"WHEN ONE IS ON THE LAND or on the landfast ice, the best indicators are the snowdrifts called uqalurait. These are caused by the wind and are the best to determine in which direction one is travelling. One has to keep observing these snow forms. After a strong snowstorm there are going to be drift formations on the ground caused by the storm so it is good to keep in mind the direction the wind was blowing from during the storm. There are times when one loses his bearing on land or on the ice, so it is best to position yourself on these snow forms. For instance, if you have a destination you should watch how you are cutting across the uqalurait drifts. There are times when the uqalurait drifts may be buried with fresh snow. In this case all you have to do is kick around the fresh snow to get at the uqaluraq form below. Those are the things that one should keep in mind. We just had a strong storm so all the drifts it created will now be stable for the rest of the winter even if they get covered with new snow. When a wind blows hard from any direction it will create a distinguished snow form that cannot be removed by any other snow or wind. So, it is important to keep these snowdrift forms in mind" (Aipilik Innuksuk IE-165, 1990).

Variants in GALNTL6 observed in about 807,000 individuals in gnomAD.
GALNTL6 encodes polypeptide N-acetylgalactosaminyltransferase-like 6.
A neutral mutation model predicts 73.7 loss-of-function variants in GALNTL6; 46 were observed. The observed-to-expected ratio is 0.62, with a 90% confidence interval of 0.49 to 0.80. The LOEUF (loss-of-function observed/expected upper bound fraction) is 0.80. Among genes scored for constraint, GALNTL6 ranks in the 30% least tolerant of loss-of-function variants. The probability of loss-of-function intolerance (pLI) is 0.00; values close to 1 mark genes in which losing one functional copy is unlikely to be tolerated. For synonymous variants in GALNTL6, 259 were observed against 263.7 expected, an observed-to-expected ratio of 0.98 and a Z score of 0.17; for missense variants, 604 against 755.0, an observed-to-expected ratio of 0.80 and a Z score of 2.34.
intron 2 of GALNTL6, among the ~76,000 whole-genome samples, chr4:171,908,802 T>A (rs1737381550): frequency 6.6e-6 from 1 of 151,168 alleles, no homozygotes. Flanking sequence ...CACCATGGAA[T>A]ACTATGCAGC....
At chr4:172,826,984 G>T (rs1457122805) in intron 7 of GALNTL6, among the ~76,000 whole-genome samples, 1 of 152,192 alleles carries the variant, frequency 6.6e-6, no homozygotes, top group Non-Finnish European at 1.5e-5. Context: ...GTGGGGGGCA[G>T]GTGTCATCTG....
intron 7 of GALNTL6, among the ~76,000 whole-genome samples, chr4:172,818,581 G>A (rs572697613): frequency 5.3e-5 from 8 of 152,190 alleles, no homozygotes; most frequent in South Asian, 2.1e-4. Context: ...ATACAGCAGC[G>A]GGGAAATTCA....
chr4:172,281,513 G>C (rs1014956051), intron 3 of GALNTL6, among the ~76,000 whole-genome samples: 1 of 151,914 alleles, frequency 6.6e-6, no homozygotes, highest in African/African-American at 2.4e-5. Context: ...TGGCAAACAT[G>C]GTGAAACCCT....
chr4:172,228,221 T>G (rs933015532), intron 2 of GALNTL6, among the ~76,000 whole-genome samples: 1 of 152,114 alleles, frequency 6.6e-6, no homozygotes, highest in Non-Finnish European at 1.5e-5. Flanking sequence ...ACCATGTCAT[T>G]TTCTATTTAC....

ULAAJURULUK, 

on using uqalurait for wayfinding.

  • -
  • ABRAHAM ULAAJURULUK
00:00 / 00:00

Q.  Do these uqalurait have any use?

A.  Definitely. Now you have started to drink tea and coffee, all you would have to do is cut off the uqaluraq and melt it to make tea. If you were travelling while it was dark or in a white-out with a specific destination in mind, or even in a blizzard or in fog, one thing to keep in mind is that the qimugjuit always face Uangnaq. So, with these as a navigational aid you can get to your destination. This is the only use these formations have, they have no other use. These snow formations are not what we want because they are nothing but hindrance in our journey. Nonetheless, they have a use that you really cannot do without in obscure conditions. Qimugjuit all face Uangnaq, therefore, uqalurait also face Uangnaq. When you are caught in the dark, or in a blizzard, and the visibility is low you will need the only aid that is available - and these are the snowdrifts. They have no other use (Abraham Ulaajuruluk IE-256, 1993).